No, we won’t. There will be content that is produced by all of these parties that may be related to the content on the linear channel, but not placed there. Some of that content will be accessible whether it’s on NBC Sports’ digital platform, Team USA, or the IOC global channel.

You mentioned you had to deal with AT&T and DIRECTV. Do you know how they plan to distribute it?

The commitment is on a tier of DIRECTV/AT&T. I don’t have that handy.

Is that how you’re approaching this, is to get on a sports tier?

I’m sorry, ‘tier’ is the wrong word. It is distributed to a portion of their subscription base. It is not a tier. I just don’t know which level it’s at. But we will give you that information. No, it is not part of a tier.

Gary, you mentioned the TV programming side of NBCUniversal hasn’t started negotiating the next carriage deal with Comcast. Is carriage of this deal going to have to wait till then? Given Comcast’s overall investment in the Olympics, as we’ve seen, might they be able to do something a little quicker than that? About online streaming of the channel, is that going to be tied directly to the TV distribution, i.e., you can’t watch it online unless you have it on your TV system?

GARY ZENKEL: First question, as I said earlier, we have not begun distribution conversations with Comcast. We, of course, are announcing this deal today, completed our partnership in recent days.

Will this wait if the distribution discussions with Comcast come up beyond the date of the launch of the channel? Of course not. We will approach them sometime in the future. Again, the natural term of the Comcast deal, which I don’t have handy because I’m not part of the distribution team here, but when that term does come up, we will do it. If it’s after the launch of the channel, we will begin the conversations with Comcast in advance of that. But we have not started that yet.

The online streaming part?

The online streaming part of the linear channel is a TV Everywhere offering that would be tied to the footprint as well.

Mark, the global Olympic Channel signed a deal with FIFA. What, if any, of that might end up on this U.S. channel? If you wouldn’t mind elaborating on what that FIFA deal includes given how many things they tend to do with their own rights.

MARK PARKMAN: The agreements that we have done for the Olympic Channel with the international federations have primarily been to amplify their distribution in areas where they may not have distribution. It’s also about content sharing, content promotion, event promotion, and athlete stories.

The deal with FIFA is more on news and archival footage of certain events. So the FIFA agreements that they have throughout the world are not part of our agreement.

The U.S. coverage of FIFA is not affected by what we’re doing. We wouldn’t be allowed to use their live rights as part of our deal.

You mentioned earlier that you’re in discussions with other television providers, rights-holders for the Olympic Channel. Have those been included in recent deals? Are those going to be mandatory in every rights deal going forward for the creation of an Olympic Channel such as what the USOC is doing? And for the American side of this, where is this channel going to be based? How large is the staff going to be? Is this going to be limited to solely NBCUniversal, or if there’s more growth of this are you going to ensure it’s on more cable packages?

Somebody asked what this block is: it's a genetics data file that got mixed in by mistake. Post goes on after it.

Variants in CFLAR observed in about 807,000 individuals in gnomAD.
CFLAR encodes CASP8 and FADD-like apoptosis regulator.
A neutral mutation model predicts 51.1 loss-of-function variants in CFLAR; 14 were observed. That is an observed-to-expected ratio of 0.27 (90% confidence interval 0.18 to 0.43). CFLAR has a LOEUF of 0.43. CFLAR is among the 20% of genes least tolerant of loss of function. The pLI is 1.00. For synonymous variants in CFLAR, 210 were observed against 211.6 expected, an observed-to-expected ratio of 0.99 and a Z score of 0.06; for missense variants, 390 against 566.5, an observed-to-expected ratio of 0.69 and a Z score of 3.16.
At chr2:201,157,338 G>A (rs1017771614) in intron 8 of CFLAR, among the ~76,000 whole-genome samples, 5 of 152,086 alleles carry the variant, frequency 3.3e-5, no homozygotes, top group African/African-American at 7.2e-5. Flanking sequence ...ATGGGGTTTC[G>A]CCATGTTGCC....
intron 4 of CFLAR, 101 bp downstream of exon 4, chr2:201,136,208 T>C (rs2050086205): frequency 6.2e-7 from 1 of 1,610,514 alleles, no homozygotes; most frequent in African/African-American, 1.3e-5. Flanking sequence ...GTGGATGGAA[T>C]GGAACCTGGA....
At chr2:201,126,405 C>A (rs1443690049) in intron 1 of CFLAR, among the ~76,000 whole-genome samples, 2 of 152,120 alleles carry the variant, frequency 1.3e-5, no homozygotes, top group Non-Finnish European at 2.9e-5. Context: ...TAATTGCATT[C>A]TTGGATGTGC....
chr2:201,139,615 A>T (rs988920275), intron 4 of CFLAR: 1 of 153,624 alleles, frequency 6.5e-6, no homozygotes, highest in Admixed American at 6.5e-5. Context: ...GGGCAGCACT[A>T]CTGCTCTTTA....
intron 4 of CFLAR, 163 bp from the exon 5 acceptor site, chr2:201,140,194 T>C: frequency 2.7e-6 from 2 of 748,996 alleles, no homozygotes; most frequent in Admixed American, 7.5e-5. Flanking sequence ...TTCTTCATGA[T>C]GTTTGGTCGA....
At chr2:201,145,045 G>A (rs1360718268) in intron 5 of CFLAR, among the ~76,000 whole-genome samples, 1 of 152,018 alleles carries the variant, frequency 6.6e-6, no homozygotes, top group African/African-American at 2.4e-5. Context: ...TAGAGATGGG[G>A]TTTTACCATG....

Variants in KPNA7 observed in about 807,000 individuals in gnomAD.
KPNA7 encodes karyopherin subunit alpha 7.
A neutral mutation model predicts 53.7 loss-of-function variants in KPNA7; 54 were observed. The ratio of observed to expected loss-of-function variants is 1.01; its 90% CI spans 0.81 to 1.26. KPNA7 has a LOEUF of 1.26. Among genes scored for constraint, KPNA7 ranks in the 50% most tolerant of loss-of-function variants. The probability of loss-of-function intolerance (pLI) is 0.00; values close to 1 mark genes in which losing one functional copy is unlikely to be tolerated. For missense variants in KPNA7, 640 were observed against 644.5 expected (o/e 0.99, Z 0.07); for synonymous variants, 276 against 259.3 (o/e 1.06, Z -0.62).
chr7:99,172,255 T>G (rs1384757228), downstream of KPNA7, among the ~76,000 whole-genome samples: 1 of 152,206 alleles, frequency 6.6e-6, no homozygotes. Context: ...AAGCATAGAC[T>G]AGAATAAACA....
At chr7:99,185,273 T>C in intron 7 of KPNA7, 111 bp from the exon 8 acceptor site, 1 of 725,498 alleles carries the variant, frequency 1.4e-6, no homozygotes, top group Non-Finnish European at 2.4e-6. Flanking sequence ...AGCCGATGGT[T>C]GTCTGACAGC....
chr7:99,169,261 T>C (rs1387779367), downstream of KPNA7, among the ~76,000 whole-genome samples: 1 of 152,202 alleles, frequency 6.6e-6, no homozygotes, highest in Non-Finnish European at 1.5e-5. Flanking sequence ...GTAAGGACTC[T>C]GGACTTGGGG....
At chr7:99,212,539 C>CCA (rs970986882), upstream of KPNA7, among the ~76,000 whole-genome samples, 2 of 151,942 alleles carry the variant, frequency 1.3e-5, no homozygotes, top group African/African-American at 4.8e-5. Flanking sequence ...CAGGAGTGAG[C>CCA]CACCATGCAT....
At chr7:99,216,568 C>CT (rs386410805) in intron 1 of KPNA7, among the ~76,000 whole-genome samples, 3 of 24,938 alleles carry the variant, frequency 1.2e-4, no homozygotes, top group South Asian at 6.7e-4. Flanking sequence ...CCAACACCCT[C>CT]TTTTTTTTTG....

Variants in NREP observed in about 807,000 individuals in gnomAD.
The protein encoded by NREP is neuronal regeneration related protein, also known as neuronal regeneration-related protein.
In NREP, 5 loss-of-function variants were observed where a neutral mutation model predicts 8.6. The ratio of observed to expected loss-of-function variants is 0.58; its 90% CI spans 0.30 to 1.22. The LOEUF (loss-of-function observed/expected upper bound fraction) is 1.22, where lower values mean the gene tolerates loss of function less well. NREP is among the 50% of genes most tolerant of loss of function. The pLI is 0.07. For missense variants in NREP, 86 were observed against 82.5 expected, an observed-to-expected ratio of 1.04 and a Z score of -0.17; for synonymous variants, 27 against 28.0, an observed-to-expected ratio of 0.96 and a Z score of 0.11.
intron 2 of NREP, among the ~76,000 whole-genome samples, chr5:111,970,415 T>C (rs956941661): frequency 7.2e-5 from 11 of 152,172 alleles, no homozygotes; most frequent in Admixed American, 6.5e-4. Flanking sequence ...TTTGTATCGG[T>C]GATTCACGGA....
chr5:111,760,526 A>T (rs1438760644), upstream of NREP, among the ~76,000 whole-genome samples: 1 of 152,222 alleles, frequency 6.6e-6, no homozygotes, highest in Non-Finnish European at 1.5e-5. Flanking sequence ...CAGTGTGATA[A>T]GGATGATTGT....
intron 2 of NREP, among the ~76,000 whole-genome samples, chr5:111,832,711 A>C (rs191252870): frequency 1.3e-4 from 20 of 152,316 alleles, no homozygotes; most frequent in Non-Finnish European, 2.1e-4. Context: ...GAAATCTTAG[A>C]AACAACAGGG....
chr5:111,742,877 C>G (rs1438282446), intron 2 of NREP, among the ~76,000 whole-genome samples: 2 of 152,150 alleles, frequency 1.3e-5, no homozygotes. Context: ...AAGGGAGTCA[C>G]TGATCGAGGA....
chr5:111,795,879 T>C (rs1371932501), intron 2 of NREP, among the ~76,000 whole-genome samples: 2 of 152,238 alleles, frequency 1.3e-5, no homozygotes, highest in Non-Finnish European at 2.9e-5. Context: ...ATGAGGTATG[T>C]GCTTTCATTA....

Let me try to answer the first question. The first part of your question, yes, the channel components have been included in all our rights deals for the last couple of years, and obviously will be going forward.

I think it’s a little bit strong to call it a mandatory thing. Ultimately the genesis, the rationale behind our Olympic Channel at the end of the day is that it’s, if you like, the Olympic movement and the stakeholders within it who are investing back into creating additional value for our broadcasters.

We believe, and we’ve certainly heard this from broadcasters obviously here with our partners NBC, but elsewhere in the world, that they see value in the concept of the Olympic Channel.

So we see this very much as sort of collaborative discussion. But it’s an additional discussion which is part of the rights negotiations.

GARY ZENKEL: The operation will be based in both Stamford (CT), which is the home base of the NBC Sports Group, as well as we have an operation out in Denver that has about 30-plus people that produce a lot of our sports coverage, a lot of our Olympic sports coverage that we inherited from Universal Sports in our acquisition of that company last year, or earlier this year.

The size of the staff is hard to define because the sports group, which is large. Many folks in the sports group and staff will contribute as they do to the production of the Olympic Games themselves.

You say right now the rights deals are limited only to where NBCUniversal is offered on cable packages. I’m sure NBCUniversal is not offered on every single cable package offered by DIRECTV and AT&T at this moment. Is the growth plan possibly to get more subscribers to expand what kind of cable packages this channel will be involved in?

GARY ZENKEL: I mean, our plan is to achieve the widest possible distribution of this channel and, of course, therefore the content that we distribute on it. There will also be content distributed on NBC and NBCSN. Other components of this partnership is a contribution of NBC and NBCSN to distribute Olympic content, both coverage of sports as well as some of the original content being contributed by the parties.

We believe the combination of those and our confidence in the distribution of the channel should make this content available to a very, very wide audience.